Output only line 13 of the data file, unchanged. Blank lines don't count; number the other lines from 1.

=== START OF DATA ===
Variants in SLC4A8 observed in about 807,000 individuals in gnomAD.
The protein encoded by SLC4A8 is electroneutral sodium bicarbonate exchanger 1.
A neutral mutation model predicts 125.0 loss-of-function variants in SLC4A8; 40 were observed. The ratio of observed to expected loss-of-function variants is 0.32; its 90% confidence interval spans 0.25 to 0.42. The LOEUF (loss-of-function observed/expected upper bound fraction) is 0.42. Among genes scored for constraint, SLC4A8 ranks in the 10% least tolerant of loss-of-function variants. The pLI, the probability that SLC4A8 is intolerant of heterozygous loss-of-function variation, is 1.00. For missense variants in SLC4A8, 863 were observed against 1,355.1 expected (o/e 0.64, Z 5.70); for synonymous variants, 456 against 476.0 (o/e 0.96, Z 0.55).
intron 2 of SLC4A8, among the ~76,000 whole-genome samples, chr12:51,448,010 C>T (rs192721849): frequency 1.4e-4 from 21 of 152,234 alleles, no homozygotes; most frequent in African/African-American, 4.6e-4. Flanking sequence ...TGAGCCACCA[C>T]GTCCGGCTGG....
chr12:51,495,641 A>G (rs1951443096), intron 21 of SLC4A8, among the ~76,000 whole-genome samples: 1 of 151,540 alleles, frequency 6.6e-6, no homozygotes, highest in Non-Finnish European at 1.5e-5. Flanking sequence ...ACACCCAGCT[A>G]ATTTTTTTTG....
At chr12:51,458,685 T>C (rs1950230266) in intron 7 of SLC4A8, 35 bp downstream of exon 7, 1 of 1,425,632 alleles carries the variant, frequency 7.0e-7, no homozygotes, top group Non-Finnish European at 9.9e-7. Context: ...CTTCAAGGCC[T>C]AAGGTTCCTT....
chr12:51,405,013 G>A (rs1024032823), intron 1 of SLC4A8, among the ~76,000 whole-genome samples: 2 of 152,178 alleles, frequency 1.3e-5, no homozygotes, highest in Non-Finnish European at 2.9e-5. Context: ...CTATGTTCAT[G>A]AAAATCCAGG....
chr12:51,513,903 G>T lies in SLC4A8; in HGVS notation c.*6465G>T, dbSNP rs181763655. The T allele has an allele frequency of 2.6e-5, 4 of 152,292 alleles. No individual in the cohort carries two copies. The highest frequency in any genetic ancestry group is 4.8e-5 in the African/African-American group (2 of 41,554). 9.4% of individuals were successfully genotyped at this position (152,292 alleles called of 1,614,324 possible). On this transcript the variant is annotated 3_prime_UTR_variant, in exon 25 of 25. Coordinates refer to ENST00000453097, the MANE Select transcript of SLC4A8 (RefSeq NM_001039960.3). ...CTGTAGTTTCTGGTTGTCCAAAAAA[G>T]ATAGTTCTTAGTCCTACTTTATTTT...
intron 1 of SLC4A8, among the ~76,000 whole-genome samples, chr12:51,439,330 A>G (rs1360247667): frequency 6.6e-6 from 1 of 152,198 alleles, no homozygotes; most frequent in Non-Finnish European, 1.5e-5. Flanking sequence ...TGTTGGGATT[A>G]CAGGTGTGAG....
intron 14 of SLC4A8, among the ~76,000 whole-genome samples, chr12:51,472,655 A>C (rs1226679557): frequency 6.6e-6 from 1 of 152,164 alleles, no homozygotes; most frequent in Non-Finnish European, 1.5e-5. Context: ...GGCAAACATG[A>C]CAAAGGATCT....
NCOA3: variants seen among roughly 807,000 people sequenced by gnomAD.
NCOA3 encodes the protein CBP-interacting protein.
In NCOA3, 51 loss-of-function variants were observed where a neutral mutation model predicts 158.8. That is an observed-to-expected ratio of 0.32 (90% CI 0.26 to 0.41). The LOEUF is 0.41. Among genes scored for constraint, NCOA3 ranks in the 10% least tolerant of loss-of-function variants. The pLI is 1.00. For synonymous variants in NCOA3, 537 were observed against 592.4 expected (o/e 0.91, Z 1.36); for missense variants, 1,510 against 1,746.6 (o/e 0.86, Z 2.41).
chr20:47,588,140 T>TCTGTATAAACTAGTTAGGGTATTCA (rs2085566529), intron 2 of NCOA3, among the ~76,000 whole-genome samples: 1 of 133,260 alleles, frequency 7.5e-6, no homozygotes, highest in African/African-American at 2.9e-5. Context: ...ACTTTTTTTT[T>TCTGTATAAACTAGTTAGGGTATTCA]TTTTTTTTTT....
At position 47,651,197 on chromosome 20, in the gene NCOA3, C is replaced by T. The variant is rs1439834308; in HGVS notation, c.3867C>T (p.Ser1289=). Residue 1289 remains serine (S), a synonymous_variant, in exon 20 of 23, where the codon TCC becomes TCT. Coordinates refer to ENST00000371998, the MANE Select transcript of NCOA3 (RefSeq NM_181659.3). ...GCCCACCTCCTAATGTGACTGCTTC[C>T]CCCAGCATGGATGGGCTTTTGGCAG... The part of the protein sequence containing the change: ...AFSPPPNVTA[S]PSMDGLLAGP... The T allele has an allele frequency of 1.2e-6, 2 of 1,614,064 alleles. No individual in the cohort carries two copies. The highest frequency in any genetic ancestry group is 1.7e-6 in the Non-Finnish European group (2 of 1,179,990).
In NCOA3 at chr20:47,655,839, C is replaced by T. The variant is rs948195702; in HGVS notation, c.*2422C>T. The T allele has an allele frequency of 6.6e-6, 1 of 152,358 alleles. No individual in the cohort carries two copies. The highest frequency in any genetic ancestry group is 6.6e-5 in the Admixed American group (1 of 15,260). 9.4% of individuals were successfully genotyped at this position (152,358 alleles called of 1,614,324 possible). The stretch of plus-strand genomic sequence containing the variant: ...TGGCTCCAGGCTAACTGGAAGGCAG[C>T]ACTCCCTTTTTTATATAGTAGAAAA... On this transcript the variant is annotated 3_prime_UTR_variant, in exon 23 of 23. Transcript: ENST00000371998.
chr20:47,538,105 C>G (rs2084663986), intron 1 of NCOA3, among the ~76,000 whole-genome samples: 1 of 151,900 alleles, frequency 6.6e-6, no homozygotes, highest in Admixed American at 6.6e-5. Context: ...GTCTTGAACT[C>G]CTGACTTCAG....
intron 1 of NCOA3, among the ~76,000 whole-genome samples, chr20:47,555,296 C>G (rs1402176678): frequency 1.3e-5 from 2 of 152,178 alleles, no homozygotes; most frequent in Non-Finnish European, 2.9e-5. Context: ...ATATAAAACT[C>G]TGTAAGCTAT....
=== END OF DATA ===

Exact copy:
In NCOA3, 51 loss-of-function variants were observed where a neutral mutation model predicts 158.8. That is an observed-to-expected ratio of 0.32 (90% CI 0.26 to 0.41). The LOEUF is 0.41. Among genes scored for constraint, NCOA3 ranks in the 10% least tolerant of loss-of-function variants. The pLI is 1.00. For synonymous variants in NCOA3, 537 were observed against 592.4 expected (o/e 0.91, Z 1.36); for missense variants, 1,510 against 1,746.6 (o/e 0.86, Z 2.41).